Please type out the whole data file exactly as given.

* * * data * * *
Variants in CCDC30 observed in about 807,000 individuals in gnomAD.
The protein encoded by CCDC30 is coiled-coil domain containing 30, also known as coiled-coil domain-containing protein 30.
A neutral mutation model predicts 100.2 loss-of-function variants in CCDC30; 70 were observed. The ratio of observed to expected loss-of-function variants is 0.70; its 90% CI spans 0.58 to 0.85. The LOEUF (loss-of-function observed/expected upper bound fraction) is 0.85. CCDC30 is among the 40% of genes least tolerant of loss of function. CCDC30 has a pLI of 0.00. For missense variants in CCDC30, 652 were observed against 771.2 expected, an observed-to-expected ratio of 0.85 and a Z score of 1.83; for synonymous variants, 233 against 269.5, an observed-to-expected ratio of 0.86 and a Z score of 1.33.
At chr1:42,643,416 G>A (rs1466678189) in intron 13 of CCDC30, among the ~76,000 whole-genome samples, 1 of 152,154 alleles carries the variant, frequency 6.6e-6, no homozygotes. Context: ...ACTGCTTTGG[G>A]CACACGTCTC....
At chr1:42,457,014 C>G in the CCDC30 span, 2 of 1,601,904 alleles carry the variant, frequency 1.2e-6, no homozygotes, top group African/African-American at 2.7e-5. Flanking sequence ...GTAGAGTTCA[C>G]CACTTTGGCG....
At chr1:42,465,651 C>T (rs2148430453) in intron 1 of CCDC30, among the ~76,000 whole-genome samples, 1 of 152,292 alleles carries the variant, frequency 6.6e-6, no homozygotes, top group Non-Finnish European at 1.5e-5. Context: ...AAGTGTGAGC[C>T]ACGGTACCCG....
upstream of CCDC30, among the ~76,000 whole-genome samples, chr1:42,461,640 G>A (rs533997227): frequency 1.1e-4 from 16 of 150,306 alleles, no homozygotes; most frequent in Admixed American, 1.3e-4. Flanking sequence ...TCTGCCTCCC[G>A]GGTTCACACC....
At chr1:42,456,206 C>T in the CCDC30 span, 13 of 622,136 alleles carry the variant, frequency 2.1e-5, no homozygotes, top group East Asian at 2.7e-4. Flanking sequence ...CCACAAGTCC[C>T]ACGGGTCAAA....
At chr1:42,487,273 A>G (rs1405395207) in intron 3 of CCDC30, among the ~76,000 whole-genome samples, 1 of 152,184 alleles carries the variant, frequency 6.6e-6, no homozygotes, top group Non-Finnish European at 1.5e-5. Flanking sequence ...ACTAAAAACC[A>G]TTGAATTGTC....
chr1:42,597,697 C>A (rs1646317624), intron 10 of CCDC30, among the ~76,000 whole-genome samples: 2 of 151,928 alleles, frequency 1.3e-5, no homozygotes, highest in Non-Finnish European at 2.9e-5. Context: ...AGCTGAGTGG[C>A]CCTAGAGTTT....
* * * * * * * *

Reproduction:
Variants in CCDC30 observed in about 807,000 individuals in gnomAD.
The protein encoded by CCDC30 is coiled-coil domain containing 30, also known as coiled-coil domain-containing protein 30.
A neutral mutation model predicts 100.2 loss-of-function variants in CCDC30; 70 were observed. The ratio of observed to expected loss-of-function variants is 0.70; its 90% CI spans 0.58 to 0.85. The LOEUF (loss-of-function observed/expected upper bound fraction) is 0.85. CCDC30 is among the 40% of genes least tolerant of loss of function. CCDC30 has a pLI of 0.00. For missense variants in CCDC30, 652 were observed against 771.2 expected, an observed-to-expected ratio of 0.85 and a Z score of 1.83; for synonymous variants, 233 against 269.5, an observed-to-expected ratio of 0.86 and a Z score of 1.33.
At chr1:42,643,416 G>A (rs1466678189) in intron 13 of CCDC30, among the ~76,000 whole-genome samples, 1 of 152,154 alleles carries the variant, frequency 6.6e-6, no homozygotes. Context: ...ACTGCTTTGG[G>A]CACACGTCTC....
At chr1:42,457,014 C>G in the CCDC30 span, 2 of 1,601,904 alleles carry the variant, frequency 1.2e-6, no homozygotes, top group African/African-American at 2.7e-5. Flanking sequence ...GTAGAGTTCA[C>G]CACTTTGGCG....
At chr1:42,465,651 C>T (rs2148430453) in intron 1 of CCDC30, among the ~76,000 whole-genome samples, 1 of 152,292 alleles carries the variant, frequency 6.6e-6, no homozygotes, top group Non-Finnish European at 1.5e-5. Context: ...AAGTGTGAGC[C>T]ACGGTACCCG....
upstream of CCDC30, among the ~76,000 whole-genome samples, chr1:42,461,640 G>A (rs533997227): frequency 1.1e-4 from 16 of 150,306 alleles, no homozygotes; most frequent in Admixed American, 1.3e-4. Flanking sequence ...TCTGCCTCCC[G>A]GGTTCACACC....
At chr1:42,456,206 C>T in the CCDC30 span, 13 of 622,136 alleles carry the variant, frequency 2.1e-5, no homozygotes, top group East Asian at 2.7e-4. Flanking sequence ...CCACAAGTCC[C>T]ACGGGTCAAA....
At chr1:42,487,273 A>G (rs1405395207) in intron 3 of CCDC30, among the ~76,000 whole-genome samples, 1 of 152,184 alleles carries the variant, frequency 6.6e-6, no homozygotes, top group Non-Finnish European at 1.5e-5. Flanking sequence ...ACTAAAAACC[A>G]TTGAATTGTC....
chr1:42,597,697 C>A (rs1646317624), intron 10 of CCDC30, among the ~76,000 whole-genome samples: 2 of 151,928 alleles, frequency 1.3e-5, no homozygotes, highest in Non-Finnish European at 2.9e-5. Context: ...AGCTGAGTGG[C>A]CCTAGAGTTT....